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Geekend: Predicting Your Future By Scanning Your Brain
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Susan Fourtané
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Susan Fourtané,
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1/14/2015 | 1:28:50 AM
Re: The end of crime?
David, 

The teenager's story is very sad. :( Most likely her pain was intolerable if she was ready to die. I believe the parents had a very selfish attitude thinking more about them losing a daughter than accepting the fact that their daughter couldn't tolerate the condition any longer. They should have respected her. The court also showed no respect toward the girl's will to end a painful and slow death. How sad. It's like if she were not the owner of her own body and wouldn't know what's best for her according to something only she can feel, and had no right whatsoever to decide on her own life.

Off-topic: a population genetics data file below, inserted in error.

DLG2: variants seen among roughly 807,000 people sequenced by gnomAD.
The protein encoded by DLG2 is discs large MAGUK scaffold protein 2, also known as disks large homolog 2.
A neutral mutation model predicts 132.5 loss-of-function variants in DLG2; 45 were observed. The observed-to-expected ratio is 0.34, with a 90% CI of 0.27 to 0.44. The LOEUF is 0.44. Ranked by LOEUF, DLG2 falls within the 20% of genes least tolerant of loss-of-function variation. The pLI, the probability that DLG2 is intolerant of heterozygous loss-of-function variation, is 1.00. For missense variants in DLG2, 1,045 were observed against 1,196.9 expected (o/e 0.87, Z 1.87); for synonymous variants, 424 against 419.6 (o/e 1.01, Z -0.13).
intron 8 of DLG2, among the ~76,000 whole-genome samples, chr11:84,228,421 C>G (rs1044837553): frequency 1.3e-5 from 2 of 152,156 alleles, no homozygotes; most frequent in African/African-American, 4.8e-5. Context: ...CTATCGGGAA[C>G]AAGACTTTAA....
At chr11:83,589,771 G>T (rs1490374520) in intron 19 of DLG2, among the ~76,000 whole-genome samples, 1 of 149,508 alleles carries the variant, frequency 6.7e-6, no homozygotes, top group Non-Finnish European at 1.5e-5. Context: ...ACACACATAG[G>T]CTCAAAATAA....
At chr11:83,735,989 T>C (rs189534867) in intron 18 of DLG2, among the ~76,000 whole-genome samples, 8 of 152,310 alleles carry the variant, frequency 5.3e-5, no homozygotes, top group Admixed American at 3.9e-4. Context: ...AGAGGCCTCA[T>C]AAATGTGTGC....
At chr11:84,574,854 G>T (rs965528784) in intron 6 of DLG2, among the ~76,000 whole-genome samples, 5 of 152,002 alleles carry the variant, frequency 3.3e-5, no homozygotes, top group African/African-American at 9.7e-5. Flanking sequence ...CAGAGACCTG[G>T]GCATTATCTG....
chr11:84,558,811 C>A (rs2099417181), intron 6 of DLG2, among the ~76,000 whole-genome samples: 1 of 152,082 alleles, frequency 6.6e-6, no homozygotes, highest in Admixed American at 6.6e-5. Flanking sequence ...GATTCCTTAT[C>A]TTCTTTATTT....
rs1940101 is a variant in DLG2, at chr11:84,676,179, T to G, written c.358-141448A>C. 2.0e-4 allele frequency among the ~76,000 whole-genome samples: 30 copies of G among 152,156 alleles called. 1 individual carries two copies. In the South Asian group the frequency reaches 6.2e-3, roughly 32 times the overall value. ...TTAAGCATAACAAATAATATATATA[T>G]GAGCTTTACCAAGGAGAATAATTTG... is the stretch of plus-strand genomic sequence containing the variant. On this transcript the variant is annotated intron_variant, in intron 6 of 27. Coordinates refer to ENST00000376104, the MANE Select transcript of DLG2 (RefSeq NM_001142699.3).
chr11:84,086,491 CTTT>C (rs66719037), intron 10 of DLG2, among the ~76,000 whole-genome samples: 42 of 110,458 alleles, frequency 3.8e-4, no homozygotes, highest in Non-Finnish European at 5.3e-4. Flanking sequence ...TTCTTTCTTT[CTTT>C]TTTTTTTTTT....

The same I think about denying treatment to a child that could be saved otherwise.  

"And kids don't have protection in the cases where a parent makes a reasonable decision that goes poorly."

That's terrible. I said earlier that it's not easy to know what is right. I don't know how this is going to sound to you, but I believe in such cases, like the ones you mentioned, it's the child the one who should make the decision if the child has understanding of the situation; like the case of that teenager. 

Another thing is that each case should be taken individually instead of just following what the book says, which can work for some, but not for all. 

-Susan
Susan Fourtané
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Susan Fourtané,
User Rank: Author
1/14/2015 | 1:05:30 AM
Re: The end of crime?
David, 

I remember the one on drawing and math ability. Yes, I'll put them on my reading list. :) 

-Susan
David Wagner
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David Wagner,
User Rank: Strategist
1/13/2015 | 6:05:23 PM
Re: The end of crime?